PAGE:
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Theresa Weir
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Macleans Magazine (Canada) – Wednesday, September 28, 2011
“…a stunning memoir with page-turner pace… …marvellously Gothic book… The memoir is a gripping account of divided loyalties, the real cost of farming and the shattered people on the front lines.”

Booklist – September 1, 2011
“Weir’s captivating memoir reveals dark undercurrents: environmental destruction due to wanton use of pesticides, emotional devastation due to calculated intimidation, economic degradation due to the inherent poverty of the farming life… Weir’s own story is as harrowing as they come, yet filled with an uncanny self-awareness that leads, ultimately, to redemption.”

Publishers Weekly – August 8, 2011
“…An affecting memoir… A truly disquieting tale of family dislocation and rupture…”

The Boston Globe (Pick of the Week)
“…Searing…the past is artfully juxtaposed with the present in this finely wrought work. Its haunting passages will linger long after the last page is turned

Publishers Lunch (one of the Favorite Books of 2011)
“This memoir is viscera encapsulated, of young, passionate love and shattering tragedy around the corner, of a horrible childhood redeemed by motherhood and literary output in secret, of not fitting in until you make everything fit you.”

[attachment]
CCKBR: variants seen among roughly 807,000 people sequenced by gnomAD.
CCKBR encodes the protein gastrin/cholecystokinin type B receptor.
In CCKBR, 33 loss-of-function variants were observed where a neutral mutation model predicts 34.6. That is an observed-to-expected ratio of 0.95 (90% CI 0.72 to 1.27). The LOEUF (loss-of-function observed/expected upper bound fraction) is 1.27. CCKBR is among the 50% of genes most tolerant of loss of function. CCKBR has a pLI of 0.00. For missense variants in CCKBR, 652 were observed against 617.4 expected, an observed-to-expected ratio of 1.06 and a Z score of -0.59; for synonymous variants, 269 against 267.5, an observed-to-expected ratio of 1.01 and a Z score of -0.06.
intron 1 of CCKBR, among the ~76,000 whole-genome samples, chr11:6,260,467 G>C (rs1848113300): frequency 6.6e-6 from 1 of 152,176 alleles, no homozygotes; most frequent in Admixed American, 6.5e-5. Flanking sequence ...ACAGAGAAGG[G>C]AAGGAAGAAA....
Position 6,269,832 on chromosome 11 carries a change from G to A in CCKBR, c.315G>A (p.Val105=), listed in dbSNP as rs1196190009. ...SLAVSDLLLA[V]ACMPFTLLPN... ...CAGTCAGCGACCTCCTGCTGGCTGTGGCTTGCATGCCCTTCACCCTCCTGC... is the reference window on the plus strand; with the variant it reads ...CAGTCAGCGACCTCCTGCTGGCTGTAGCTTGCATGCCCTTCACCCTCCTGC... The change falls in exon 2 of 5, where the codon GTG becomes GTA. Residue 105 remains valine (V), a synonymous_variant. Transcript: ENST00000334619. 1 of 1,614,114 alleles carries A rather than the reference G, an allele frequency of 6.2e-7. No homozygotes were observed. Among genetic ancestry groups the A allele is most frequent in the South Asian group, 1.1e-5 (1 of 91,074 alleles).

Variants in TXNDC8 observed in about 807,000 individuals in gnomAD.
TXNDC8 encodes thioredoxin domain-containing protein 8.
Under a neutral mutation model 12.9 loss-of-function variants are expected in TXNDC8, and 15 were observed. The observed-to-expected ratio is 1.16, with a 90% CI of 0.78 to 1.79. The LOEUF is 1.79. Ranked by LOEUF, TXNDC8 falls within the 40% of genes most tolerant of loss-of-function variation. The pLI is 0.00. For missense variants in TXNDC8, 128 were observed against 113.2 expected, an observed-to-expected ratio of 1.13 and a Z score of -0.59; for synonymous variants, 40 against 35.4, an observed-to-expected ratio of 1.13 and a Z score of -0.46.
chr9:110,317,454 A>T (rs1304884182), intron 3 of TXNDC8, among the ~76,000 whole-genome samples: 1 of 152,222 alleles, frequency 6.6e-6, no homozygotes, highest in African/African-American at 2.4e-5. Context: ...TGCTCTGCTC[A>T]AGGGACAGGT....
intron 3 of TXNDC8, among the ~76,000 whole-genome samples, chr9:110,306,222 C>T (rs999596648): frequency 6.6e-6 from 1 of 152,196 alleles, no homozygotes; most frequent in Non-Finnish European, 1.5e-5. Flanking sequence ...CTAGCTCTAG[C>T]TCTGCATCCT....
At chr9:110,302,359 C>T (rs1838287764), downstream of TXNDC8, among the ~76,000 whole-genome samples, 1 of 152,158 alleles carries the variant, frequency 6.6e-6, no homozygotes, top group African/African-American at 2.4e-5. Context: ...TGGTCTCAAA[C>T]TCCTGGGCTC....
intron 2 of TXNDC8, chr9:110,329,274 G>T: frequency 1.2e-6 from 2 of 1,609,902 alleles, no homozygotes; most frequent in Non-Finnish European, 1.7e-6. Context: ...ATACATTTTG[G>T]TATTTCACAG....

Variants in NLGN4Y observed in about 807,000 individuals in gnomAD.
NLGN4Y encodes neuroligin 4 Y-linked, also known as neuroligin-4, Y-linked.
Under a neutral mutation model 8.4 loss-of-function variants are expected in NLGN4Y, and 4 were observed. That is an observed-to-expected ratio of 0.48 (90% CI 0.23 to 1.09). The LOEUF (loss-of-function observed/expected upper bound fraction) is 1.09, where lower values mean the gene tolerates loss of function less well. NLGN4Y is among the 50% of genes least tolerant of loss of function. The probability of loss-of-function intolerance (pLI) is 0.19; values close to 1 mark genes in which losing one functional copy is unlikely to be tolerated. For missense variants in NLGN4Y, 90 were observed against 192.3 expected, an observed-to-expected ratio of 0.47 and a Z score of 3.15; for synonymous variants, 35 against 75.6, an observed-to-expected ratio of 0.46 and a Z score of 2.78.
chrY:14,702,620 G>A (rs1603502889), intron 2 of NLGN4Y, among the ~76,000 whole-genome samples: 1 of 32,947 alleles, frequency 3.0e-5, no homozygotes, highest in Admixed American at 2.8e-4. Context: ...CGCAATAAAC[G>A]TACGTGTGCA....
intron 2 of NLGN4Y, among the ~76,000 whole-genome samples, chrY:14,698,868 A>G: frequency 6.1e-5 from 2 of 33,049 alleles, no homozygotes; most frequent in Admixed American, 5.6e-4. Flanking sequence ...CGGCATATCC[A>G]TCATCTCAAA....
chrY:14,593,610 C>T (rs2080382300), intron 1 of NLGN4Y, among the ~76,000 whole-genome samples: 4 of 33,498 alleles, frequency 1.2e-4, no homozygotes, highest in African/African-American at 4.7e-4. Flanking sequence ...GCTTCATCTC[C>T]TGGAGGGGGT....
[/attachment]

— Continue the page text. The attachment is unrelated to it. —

Library Journal (one of the Librarians’ Best Books of 2011)
“Extraordinarily moving memoir…Weir proffers a worldview that is at once eloquent, sincere, and searing.”

The Cleveland Plain Dealer
“Weir knows how to move a story along, and her memoir is a page turner

Entertainment Weekly (B+)
“Equal parts moving love story and environmental warning.”

Wisconsin State Journal
“Few books have made the case for shopping organic as eloquently…Her story is a thought-provoking argument against the pesticides used to grow food, but more than that, it’s the story of the growth of an unlikely union. ‘Love doesn’t happen overnight,’ Weir writes, and when she concludes the story of her marriage, she leaves readers marveling at the complexities of love

“A finely wrought story…[Weir’s] journey, at times lonely and sad, is ultimately triumphant. Readers will be glad Weir found a home for this brave book…”